High-pitched voices mix with husky tones. Singing intonations blend with posher lingoes. Bookish talk renders vulgar language silent. The cacophony of various discourses converges in a unique incantation, representative of the confusion this generation is undergoing in this time and place. You are part of this dialect; however one aspect sets you apart.
The shuffling of feet indicates the arrival of the man responsible for the queue. In this place, the Mecca of ice-cream, people quilt the city with their sweat and flesh, hoping to at least be able to gulp down a couple of scoops of the cold product at some point during the long hot day. For the few it will be an after-dinner option, for the many, it will be their breakfast, lunch and dinner. Necks turn to one side, scrutinising the man with the tickets in his hand, the man who holds their future (at least today) in his hand. You also shift forwards. And so does your girlfriend. And so does your friend. And so does his boyfriend.
Yes, his boyfriend. You and your girlfriend lean against the rails now that the man responsible for the food of so many has gone back inside. Your girlfriend rests against your thighs, caressing your face as she looks away from you, absent-mindedly, in utter motionlessness. Only her hand glides around your face as your friend, your best friend looks on. He wants to do the same to his partner, his other half, his love, but he’s afraid that the same incantation will point him out and chastise him. He smiles. Not at you, though. At his boyfriend. That’s all he can do.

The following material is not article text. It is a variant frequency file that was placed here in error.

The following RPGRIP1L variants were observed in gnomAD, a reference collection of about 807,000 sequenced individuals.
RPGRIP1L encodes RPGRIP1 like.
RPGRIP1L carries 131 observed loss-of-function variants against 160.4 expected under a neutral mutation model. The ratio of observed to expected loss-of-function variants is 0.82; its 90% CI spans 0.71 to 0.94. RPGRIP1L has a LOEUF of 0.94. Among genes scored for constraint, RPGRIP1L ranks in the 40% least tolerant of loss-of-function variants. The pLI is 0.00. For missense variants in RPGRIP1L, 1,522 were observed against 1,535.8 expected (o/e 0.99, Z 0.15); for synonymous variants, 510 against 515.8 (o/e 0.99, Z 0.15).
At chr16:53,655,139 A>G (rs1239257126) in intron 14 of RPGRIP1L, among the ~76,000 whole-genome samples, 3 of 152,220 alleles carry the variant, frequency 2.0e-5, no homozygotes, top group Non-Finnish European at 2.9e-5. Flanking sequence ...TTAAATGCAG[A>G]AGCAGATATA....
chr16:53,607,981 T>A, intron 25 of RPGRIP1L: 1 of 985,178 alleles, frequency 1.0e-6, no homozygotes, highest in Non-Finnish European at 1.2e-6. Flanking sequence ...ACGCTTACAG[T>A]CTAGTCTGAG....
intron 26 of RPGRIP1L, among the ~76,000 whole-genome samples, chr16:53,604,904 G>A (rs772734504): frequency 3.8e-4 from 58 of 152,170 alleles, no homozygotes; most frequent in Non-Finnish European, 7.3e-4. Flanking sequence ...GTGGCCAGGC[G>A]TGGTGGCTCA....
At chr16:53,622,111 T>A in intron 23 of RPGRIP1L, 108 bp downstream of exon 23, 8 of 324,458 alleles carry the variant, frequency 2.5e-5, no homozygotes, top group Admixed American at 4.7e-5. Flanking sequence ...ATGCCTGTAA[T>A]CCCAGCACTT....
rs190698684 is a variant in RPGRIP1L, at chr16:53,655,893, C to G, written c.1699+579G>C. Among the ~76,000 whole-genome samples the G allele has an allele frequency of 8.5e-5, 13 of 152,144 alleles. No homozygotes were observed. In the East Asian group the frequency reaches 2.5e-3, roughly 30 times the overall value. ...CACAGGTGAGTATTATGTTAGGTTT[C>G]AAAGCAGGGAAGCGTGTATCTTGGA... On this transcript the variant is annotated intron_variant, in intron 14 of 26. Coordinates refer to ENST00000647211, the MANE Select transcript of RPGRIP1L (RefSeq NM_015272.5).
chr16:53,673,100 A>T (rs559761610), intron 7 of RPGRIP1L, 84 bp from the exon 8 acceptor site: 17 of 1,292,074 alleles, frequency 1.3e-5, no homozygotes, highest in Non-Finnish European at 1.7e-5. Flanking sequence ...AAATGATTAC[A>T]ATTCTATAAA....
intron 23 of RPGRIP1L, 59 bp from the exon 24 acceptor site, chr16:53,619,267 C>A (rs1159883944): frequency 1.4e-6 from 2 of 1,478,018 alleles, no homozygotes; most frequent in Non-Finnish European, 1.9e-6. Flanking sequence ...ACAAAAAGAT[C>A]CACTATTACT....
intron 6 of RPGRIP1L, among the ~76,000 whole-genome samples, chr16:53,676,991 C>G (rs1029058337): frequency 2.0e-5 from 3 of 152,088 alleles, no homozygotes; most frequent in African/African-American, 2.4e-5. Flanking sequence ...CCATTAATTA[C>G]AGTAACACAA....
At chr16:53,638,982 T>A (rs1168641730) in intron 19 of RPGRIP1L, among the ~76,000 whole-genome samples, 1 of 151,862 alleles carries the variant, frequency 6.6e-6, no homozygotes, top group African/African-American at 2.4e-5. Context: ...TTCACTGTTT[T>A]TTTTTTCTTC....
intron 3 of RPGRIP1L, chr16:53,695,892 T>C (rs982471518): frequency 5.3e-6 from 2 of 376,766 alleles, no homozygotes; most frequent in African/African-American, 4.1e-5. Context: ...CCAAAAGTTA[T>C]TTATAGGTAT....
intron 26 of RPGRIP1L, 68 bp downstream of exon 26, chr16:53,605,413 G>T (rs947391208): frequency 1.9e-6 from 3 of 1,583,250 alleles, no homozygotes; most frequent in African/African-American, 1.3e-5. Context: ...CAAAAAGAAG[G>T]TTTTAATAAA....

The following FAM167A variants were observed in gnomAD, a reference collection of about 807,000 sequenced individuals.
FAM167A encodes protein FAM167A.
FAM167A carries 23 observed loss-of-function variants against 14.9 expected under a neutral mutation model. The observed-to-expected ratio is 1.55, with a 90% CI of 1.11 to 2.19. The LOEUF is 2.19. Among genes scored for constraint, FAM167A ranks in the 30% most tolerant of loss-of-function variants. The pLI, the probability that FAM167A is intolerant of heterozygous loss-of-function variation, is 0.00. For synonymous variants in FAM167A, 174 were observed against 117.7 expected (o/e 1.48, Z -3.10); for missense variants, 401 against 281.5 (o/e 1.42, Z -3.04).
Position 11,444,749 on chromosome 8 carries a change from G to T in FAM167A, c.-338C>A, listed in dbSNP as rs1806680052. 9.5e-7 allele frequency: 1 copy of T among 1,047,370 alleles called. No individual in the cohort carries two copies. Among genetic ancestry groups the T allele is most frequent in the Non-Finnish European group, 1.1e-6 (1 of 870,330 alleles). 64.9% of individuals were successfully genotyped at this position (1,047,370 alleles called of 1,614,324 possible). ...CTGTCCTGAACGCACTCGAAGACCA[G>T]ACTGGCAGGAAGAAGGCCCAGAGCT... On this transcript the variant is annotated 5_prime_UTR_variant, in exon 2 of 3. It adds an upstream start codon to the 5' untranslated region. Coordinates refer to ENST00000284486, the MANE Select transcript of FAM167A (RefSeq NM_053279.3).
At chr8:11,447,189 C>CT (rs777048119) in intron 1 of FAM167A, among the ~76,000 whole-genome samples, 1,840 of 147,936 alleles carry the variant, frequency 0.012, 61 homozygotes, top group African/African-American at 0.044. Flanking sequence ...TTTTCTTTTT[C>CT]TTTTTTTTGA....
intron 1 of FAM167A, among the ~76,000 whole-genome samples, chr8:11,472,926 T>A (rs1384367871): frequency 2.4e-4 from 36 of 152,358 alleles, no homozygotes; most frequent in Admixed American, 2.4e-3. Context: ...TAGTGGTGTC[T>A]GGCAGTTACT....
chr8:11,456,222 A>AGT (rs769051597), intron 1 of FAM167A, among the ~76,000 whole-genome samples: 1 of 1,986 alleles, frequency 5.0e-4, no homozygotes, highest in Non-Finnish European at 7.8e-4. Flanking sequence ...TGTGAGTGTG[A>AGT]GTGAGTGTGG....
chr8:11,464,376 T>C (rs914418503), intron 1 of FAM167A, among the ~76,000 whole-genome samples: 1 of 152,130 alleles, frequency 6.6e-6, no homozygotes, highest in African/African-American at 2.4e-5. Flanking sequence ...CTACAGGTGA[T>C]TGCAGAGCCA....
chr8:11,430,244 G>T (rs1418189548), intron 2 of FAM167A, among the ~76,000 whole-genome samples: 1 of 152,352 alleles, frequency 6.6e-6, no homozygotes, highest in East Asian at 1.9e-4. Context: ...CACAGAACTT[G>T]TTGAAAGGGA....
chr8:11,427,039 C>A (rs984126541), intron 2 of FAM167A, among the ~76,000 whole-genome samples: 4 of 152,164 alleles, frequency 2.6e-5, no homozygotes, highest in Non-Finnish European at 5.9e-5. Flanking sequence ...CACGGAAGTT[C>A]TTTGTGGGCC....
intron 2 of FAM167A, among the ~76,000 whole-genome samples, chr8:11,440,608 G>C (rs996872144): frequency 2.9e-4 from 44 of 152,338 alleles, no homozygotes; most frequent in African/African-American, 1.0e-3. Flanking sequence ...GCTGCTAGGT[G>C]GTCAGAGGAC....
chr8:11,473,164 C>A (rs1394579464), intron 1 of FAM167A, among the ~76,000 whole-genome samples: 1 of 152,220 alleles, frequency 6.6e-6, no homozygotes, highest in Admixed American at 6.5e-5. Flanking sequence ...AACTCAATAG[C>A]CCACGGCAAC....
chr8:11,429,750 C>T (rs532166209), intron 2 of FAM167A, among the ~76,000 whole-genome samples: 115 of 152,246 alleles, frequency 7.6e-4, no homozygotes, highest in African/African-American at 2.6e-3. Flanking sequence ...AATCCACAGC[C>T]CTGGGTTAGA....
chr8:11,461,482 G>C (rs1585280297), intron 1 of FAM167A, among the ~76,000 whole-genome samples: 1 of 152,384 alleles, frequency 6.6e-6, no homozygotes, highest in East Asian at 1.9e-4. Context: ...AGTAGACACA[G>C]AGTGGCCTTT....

The crowd shuffles forward again. Not because of some physical law, but because of hunger. During this split second your best friend’s hand brushes against his boyfriend’s and a moment of instant elation is shared by both. Their eyes connect for one second too long, for an infinite instant too short. The ice-cream is secondary now. Their breaths quicken and their grip grows stronger. They hold and let go of their hands as swift as it takes the mêlée around them to dehumanise themselves in this very common scene of mid 90s Havana. Rows erupt, fists are raised, necks crane, suddenly it is the choreography of the oppressed against the oppressed. Up above someone is laughing. Your best friend is laughing, too. But his is a different laughter. He has stolen a moment and only he knows precious stolen moments like this are.
Ice-cream eaten. Plates emptied. Bellies full (of ice-cream). Stairs trodden. Hands held (you and your girlfriend’s). Eyes staring at other eyes (your best friend and his boyfriend’s). Silence amongst your four as the outside din turns a couple of notches up. You four venture into the night as its mantle descends on the city. On the corner of L and 21st Street you go your separate ways. Rightwards a bed awaits you and your girlfriend to be unmade under the approving eyes of society. Leftwards your best friend and his boyfriend will disappear into the urban jungle as what they are to polity’s watchful gaze: ‘los pájaros de la Habana’.
Thursday, 3 April 2008
Word, Movement, Sound, Music (Oda a Walt Whitman-Federico García Lorca)